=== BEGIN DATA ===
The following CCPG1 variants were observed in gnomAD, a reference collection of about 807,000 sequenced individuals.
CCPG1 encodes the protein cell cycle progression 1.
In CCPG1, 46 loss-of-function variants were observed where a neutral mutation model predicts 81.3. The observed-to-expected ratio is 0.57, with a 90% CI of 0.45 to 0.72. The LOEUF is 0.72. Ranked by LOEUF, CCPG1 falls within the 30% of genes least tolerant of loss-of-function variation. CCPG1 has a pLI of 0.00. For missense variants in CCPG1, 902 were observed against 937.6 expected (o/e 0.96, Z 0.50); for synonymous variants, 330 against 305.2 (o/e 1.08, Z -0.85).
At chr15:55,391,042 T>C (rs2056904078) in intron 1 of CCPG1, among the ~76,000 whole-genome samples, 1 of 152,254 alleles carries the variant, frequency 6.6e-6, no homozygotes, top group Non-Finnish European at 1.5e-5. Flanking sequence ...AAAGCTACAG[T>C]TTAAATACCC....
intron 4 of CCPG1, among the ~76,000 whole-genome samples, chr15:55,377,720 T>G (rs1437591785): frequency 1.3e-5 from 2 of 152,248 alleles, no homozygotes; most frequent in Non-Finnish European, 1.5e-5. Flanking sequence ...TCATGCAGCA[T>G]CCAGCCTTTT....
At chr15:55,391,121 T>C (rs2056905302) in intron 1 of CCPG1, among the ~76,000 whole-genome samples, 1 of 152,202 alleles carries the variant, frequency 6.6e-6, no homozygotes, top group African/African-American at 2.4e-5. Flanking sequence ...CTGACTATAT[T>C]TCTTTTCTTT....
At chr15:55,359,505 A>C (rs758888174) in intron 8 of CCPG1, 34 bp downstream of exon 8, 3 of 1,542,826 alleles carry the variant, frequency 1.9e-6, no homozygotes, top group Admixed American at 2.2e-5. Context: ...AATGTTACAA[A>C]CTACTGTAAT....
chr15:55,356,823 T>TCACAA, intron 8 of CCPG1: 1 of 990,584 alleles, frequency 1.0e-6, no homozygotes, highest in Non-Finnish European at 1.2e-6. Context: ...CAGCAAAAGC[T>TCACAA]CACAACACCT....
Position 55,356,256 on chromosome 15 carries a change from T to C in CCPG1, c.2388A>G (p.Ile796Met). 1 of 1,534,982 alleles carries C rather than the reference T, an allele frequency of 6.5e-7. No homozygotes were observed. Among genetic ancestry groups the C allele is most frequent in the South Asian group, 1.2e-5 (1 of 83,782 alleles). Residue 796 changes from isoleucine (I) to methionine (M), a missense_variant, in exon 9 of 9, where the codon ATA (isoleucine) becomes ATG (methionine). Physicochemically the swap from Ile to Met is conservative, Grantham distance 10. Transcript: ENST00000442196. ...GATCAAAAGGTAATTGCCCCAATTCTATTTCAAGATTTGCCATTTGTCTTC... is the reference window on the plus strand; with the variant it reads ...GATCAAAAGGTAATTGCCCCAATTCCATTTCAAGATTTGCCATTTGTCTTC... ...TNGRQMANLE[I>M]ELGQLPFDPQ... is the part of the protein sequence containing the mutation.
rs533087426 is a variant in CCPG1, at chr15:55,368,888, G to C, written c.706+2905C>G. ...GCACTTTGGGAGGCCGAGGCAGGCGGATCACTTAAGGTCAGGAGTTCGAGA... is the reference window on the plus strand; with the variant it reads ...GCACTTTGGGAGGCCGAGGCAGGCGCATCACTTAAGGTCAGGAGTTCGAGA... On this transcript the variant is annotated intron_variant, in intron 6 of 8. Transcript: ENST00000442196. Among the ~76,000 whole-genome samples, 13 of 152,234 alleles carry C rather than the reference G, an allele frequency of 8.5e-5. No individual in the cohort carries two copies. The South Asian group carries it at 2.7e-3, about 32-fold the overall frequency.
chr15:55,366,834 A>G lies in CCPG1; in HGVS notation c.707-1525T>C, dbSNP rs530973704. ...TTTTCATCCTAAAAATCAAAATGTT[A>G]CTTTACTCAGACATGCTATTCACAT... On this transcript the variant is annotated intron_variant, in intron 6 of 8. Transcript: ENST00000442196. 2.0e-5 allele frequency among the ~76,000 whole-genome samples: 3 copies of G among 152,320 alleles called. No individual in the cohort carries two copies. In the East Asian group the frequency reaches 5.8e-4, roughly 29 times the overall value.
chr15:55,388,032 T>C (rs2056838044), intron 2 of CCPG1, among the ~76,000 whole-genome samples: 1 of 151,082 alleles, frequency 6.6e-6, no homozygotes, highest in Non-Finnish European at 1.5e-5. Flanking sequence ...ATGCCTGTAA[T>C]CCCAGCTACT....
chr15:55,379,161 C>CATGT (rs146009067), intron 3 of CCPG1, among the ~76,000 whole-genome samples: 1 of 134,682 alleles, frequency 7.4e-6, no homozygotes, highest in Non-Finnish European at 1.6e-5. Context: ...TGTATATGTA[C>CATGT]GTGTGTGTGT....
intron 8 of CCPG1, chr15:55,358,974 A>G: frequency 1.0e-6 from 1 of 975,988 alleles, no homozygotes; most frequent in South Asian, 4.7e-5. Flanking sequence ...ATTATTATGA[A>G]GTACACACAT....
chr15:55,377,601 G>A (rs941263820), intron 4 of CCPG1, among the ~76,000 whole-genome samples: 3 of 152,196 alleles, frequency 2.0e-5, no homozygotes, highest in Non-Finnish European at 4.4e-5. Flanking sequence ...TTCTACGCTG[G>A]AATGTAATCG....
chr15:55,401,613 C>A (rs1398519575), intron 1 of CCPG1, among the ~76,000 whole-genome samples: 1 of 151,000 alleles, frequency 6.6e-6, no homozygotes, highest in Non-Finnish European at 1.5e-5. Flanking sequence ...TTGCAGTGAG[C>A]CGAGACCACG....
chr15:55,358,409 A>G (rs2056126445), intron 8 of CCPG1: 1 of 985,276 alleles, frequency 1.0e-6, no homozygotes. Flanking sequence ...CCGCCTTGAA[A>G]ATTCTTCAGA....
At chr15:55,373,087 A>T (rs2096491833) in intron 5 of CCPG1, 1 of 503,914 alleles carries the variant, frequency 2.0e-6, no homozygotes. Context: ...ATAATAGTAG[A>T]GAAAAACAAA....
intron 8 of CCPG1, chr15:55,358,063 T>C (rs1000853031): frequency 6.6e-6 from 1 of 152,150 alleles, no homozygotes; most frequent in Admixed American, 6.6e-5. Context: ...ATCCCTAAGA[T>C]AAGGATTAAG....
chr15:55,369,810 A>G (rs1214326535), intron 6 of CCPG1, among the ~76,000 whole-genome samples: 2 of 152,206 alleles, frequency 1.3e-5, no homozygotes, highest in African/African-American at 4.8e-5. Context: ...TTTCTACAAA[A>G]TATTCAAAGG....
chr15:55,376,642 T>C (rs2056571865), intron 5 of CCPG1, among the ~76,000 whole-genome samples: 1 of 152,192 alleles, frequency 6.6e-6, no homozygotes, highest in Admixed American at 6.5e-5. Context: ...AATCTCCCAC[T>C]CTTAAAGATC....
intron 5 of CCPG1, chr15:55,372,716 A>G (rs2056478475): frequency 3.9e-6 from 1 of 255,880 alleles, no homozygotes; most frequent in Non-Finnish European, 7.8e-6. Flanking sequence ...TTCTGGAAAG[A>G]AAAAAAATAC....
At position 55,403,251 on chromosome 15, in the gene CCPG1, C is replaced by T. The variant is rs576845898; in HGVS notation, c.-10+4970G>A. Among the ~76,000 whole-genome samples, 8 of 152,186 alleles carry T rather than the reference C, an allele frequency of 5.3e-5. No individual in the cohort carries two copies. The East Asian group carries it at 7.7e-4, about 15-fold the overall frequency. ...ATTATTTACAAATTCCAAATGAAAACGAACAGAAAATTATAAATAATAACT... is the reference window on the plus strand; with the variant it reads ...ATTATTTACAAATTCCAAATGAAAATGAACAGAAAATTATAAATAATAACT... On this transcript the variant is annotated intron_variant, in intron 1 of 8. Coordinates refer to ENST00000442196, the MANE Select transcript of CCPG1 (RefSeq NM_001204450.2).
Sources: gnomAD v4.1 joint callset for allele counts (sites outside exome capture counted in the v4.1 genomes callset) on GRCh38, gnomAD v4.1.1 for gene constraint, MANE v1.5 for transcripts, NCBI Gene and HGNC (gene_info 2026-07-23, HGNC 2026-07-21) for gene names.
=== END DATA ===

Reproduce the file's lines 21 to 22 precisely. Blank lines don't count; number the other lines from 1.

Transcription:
chr15:55,376,642 T>C (rs2056571865), intron 5 of CCPG1, among the ~76,000 whole-genome samples: 1 of 152,192 alleles, frequency 6.6e-6, no homozygotes, highest in Admixed American at 6.5e-5. Context: ...AATCTCCCAC[T>C]CTTAAAGATC....
intron 5 of CCPG1, chr15:55,372,716 A>G (rs2056478475): frequency 3.9e-6 from 1 of 255,880 alleles, no homozygotes; most frequent in Non-Finnish European, 7.8e-6. Flanking sequence ...TTCTGGAAAG[A>G]AAAAAAATAC....